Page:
A new tradition: Foothill Tech’s second annual Día de Los Muertos celebration represents Latinx culture and community


Kami Kada

Profe Ortiz and Mrs. Eulau present the Dia De Los Muertos celebration to the school.

Caroline Hubner, Reporter

Following the Halloween holiday and Ventura Unified School District’s (Ventura Unified) fall break, students at Foothill Technology High School (Foothill Tech) and the Be Heard club hosted a colorfully diverse Día de Los Muertos celebration to honor the culture of the local Latinx community. 

From 6 p.m. to 8 p.m. on Nov. 2, 2021, the event included a variety of fun activities such as dancing competitions, fiesta music and Loteria games. The club also announced that the event would offer free admission with snacks, refreshments and gifts available for purchase to allow for more community involvement and participation.

“It helps Hispanic people feel connected to and represented in the school while also teaching other students about Mexican culture.”

— Vanessa Rosales '22

The quad was lively with colorful decorations and excitement as students, parents and faculty gathered to celebrate the significant Mexican holiday focused on commemorating loved ones who have passed into the afterlife. Additionally, families were encouraged to bring photos and items of deceased family members as offerings for the large ofrenda located at the front of the stage.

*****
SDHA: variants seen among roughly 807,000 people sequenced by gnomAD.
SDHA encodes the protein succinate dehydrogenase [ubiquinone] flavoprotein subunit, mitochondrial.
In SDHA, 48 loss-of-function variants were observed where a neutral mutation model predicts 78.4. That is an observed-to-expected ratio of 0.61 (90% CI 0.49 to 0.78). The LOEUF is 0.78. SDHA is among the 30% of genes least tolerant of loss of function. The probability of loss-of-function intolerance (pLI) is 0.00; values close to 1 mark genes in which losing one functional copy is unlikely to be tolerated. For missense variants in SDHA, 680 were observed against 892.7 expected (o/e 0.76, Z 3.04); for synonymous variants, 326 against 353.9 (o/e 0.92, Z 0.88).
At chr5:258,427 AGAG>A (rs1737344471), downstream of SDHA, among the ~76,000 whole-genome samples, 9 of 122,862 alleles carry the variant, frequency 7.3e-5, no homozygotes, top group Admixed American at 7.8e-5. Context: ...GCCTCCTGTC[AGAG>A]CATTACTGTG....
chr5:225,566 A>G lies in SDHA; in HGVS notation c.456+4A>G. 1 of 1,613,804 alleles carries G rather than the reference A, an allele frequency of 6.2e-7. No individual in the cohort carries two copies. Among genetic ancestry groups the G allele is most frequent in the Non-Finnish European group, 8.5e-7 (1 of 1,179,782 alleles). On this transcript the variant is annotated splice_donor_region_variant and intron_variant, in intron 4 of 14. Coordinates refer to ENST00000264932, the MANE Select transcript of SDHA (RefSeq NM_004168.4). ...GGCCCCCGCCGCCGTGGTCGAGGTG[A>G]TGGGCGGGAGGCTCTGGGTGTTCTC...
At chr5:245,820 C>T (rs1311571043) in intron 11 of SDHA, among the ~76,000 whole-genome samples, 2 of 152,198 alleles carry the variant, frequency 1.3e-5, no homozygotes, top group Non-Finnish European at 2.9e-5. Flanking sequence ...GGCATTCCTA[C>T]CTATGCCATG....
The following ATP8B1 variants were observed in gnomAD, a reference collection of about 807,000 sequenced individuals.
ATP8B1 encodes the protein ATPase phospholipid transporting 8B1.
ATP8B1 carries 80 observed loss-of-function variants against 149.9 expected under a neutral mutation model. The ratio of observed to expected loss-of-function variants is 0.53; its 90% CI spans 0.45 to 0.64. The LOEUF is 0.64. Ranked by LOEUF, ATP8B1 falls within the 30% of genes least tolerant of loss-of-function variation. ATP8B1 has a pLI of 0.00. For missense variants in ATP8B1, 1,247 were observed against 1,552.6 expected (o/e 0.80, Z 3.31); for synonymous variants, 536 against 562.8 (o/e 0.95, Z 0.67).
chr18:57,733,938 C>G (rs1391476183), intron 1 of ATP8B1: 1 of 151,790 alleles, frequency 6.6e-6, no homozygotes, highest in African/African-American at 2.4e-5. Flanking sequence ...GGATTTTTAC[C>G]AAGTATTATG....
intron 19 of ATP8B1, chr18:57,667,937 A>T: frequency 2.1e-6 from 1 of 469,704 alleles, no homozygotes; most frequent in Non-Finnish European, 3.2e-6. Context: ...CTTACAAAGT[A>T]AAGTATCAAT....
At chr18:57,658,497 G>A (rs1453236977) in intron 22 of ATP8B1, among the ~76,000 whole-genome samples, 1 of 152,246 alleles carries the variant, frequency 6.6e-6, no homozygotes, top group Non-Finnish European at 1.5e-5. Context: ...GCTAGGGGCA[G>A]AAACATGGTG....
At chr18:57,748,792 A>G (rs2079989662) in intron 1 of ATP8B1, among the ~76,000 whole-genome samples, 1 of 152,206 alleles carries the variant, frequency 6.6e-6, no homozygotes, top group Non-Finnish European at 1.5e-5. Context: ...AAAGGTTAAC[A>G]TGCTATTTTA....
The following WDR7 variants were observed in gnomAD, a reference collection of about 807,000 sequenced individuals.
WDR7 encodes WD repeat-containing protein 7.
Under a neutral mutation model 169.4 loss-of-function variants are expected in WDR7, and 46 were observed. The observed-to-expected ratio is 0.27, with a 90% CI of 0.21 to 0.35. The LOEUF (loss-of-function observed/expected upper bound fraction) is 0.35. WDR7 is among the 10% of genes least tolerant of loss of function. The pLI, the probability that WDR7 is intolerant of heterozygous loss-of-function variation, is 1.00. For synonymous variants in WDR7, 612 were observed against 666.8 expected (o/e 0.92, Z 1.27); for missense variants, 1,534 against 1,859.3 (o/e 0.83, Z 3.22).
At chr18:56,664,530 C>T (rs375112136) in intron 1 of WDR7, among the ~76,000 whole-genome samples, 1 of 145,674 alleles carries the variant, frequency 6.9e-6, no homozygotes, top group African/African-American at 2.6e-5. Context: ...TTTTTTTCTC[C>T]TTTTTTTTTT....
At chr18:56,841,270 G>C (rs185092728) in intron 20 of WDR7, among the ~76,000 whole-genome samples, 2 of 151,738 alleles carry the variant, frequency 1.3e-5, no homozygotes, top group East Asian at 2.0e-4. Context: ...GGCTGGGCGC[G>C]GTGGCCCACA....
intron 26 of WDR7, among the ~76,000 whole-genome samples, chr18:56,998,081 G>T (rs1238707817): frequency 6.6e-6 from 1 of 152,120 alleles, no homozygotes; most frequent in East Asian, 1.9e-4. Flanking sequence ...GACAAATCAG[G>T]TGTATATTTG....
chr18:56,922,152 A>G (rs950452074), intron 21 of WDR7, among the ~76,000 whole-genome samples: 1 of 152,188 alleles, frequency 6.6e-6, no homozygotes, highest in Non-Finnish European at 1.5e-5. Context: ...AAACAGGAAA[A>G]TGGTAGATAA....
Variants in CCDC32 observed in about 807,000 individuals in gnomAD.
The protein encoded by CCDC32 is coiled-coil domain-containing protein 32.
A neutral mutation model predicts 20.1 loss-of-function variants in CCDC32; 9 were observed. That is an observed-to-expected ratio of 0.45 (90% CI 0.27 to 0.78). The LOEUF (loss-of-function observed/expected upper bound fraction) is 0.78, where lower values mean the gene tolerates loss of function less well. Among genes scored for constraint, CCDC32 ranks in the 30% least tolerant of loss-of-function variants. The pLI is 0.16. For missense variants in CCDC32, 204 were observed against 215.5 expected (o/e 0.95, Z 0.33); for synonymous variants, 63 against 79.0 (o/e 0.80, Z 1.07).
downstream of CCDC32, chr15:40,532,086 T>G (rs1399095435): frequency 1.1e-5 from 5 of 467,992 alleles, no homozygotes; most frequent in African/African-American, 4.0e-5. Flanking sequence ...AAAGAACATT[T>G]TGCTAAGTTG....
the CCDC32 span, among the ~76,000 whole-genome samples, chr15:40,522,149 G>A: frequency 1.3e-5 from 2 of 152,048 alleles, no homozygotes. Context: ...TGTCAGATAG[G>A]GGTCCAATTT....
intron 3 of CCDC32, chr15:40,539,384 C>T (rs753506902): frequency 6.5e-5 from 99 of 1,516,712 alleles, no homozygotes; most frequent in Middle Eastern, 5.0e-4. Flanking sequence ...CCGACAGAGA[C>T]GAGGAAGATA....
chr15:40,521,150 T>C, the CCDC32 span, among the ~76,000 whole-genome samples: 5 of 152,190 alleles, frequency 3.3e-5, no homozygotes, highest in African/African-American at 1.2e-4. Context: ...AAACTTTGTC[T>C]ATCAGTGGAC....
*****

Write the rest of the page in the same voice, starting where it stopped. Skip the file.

The Be Heard club hosted their first Día de Los Muertos celebration in November of 2019, and while they planned to make the event an annual occurrence, the COVID-19 shutdowns delayed their plan for 2020. Be Heard club co-president Vanessa Rosales ‘22 added that, “because of the pandemic, we had to basically create this event from scratch, but hopefully members will have more to build off of in the future.” 

The Latinx community makes up a large portion of Ventura County’s overall population and Foothill Tech’s student body, so the Be Heard club was created by students dedicated to representing minority groups on campus. 

“We want to create spaces for other cultures and students so they feel more at home. It’s important to showcase holidays like Día de Los Muertos because of our local demographic,” explains Alberto “Profe” Ortiz, one of the three Spanish teachers at Foothill Tech. 

“This type of representation is fabulous!”

— Angelina Gray Reyes '22

Traditional Latinx culture was emphasized by the presence of skulls, candles, attire, cempasuchil (marigolds) and Mexican flags adorning the surrounding area. Families of all ethnicities and sizes could be spotted roaming throughout the quad prior to the opening speech given by Rosales and Profe Ortiz. Guests also had the opportunity to participate in a Caballo Dorado dancing competition, and the first-place winner was awarded a $50 gift card to Aloha Steakhouse. 

The positive impact of the Day of the Dead festivities on cultural representation in the Foothill Tech community did not go unnoticed. “I would definitely like to see more events like this one!” exclaimed Mikela Clavaugh ‘25. 

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